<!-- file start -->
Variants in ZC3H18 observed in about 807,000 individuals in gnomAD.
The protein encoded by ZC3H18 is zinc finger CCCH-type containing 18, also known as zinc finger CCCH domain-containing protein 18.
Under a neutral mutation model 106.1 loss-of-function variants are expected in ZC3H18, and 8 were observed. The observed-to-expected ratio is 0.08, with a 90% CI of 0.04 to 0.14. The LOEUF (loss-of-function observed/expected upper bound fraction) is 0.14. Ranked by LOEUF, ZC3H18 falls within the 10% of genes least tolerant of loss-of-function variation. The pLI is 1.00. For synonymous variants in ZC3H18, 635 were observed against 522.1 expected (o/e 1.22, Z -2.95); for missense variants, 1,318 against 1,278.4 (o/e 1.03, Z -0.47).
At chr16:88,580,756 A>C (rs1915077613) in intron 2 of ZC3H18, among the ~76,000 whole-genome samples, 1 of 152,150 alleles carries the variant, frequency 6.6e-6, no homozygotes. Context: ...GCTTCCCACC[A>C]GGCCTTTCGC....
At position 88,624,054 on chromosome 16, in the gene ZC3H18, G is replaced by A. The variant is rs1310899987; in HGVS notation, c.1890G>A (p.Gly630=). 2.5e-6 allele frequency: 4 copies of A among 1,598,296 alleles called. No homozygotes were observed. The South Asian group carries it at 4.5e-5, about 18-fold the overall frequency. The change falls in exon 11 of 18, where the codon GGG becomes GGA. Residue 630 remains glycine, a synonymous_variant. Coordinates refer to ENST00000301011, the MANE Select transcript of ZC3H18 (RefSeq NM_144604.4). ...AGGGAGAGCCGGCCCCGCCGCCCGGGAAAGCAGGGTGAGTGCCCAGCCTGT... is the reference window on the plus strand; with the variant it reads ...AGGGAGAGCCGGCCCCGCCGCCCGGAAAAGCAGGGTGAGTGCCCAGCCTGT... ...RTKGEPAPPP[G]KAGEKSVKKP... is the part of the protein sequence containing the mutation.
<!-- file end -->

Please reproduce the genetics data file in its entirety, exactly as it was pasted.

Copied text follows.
Variants in ZC3H18 observed in about 807,000 individuals in gnomAD.
The protein encoded by ZC3H18 is zinc finger CCCH-type containing 18, also known as zinc finger CCCH domain-containing protein 18.
Under a neutral mutation model 106.1 loss-of-function variants are expected in ZC3H18, and 8 were observed. The observed-to-expected ratio is 0.08, with a 90% CI of 0.04 to 0.14. The LOEUF (loss-of-function observed/expected upper bound fraction) is 0.14. Ranked by LOEUF, ZC3H18 falls within the 10% of genes least tolerant of loss-of-function variation. The pLI is 1.00. For synonymous variants in ZC3H18, 635 were observed against 522.1 expected (o/e 1.22, Z -2.95); for missense variants, 1,318 against 1,278.4 (o/e 1.03, Z -0.47).
At chr16:88,580,756 A>C (rs1915077613) in intron 2 of ZC3H18, among the ~76,000 whole-genome samples, 1 of 152,150 alleles carries the variant, frequency 6.6e-6, no homozygotes. Context: ...GCTTCCCACC[A>C]GGCCTTTCGC....
At position 88,624,054 on chromosome 16, in the gene ZC3H18, G is replaced by A. The variant is rs1310899987; in HGVS notation, c.1890G>A (p.Gly630=). 2.5e-6 allele frequency: 4 copies of A among 1,598,296 alleles called. No homozygotes were observed. The South Asian group carries it at 4.5e-5, about 18-fold the overall frequency. The change falls in exon 11 of 18, where the codon GGG becomes GGA. Residue 630 remains glycine, a synonymous_variant. Coordinates refer to ENST00000301011, the MANE Select transcript of ZC3H18 (RefSeq NM_144604.4). ...AGGGAGAGCCGGCCCCGCCGCCCGGGAAAGCAGGGTGAGTGCCCAGCCTGT... is the reference window on the plus strand; with the variant it reads ...AGGGAGAGCCGGCCCCGCCGCCCGGAAAAGCAGGGTGAGTGCCCAGCCTGT... ...RTKGEPAPPP[G]KAGEKSVKKP... is the part of the protein sequence containing the mutation.